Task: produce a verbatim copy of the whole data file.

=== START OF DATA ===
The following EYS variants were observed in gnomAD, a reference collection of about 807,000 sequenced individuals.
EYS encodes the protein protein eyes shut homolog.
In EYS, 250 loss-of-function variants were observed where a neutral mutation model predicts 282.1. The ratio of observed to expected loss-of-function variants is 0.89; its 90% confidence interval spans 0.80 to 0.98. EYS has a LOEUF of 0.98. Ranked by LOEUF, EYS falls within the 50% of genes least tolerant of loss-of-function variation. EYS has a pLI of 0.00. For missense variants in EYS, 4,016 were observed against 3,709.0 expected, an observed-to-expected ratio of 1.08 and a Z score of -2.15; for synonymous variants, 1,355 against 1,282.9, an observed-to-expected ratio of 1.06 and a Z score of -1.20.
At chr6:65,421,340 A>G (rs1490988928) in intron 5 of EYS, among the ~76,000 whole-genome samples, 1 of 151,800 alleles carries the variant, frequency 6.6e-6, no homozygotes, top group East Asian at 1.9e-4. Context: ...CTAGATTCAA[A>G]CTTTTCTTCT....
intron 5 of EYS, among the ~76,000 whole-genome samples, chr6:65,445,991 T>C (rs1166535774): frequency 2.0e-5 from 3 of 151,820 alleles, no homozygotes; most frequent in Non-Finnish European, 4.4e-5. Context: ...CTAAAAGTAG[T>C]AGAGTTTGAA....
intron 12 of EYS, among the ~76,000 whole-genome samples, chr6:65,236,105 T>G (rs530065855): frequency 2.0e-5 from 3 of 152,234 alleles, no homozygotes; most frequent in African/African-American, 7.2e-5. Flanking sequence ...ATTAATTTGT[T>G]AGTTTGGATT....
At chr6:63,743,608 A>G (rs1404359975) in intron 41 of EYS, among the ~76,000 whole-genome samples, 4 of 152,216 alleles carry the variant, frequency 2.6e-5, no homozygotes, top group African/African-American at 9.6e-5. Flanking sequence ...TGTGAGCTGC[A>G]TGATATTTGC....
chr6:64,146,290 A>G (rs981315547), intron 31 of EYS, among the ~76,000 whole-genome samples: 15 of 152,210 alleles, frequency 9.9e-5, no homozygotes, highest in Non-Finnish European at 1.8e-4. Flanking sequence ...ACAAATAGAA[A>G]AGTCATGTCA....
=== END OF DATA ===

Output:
The following EYS variants were observed in gnomAD, a reference collection of about 807,000 sequenced individuals.
EYS encodes the protein protein eyes shut homolog.
In EYS, 250 loss-of-function variants were observed where a neutral mutation model predicts 282.1. The ratio of observed to expected loss-of-function variants is 0.89; its 90% confidence interval spans 0.80 to 0.98. EYS has a LOEUF of 0.98. Ranked by LOEUF, EYS falls within the 50% of genes least tolerant of loss-of-function variation. EYS has a pLI of 0.00. For missense variants in EYS, 4,016 were observed against 3,709.0 expected, an observed-to-expected ratio of 1.08 and a Z score of -2.15; for synonymous variants, 1,355 against 1,282.9, an observed-to-expected ratio of 1.06 and a Z score of -1.20.
At chr6:65,421,340 A>G (rs1490988928) in intron 5 of EYS, among the ~76,000 whole-genome samples, 1 of 151,800 alleles carries the variant, frequency 6.6e-6, no homozygotes, top group East Asian at 1.9e-4. Context: ...CTAGATTCAA[A>G]CTTTTCTTCT....
intron 5 of EYS, among the ~76,000 whole-genome samples, chr6:65,445,991 T>C (rs1166535774): frequency 2.0e-5 from 3 of 151,820 alleles, no homozygotes; most frequent in Non-Finnish European, 4.4e-5. Context: ...CTAAAAGTAG[T>C]AGAGTTTGAA....
intron 12 of EYS, among the ~76,000 whole-genome samples, chr6:65,236,105 T>G (rs530065855): frequency 2.0e-5 from 3 of 152,234 alleles, no homozygotes; most frequent in African/African-American, 7.2e-5. Flanking sequence ...ATTAATTTGT[T>G]AGTTTGGATT....
At chr6:63,743,608 A>G (rs1404359975) in intron 41 of EYS, among the ~76,000 whole-genome samples, 4 of 152,216 alleles carry the variant, frequency 2.6e-5, no homozygotes, top group African/African-American at 9.6e-5. Flanking sequence ...TGTGAGCTGC[A>G]TGATATTTGC....
chr6:64,146,290 A>G (rs981315547), intron 31 of EYS, among the ~76,000 whole-genome samples: 15 of 152,210 alleles, frequency 9.9e-5, no homozygotes, highest in Non-Finnish European at 1.8e-4. Flanking sequence ...ACAAATAGAA[A>G]AGTCATGTCA....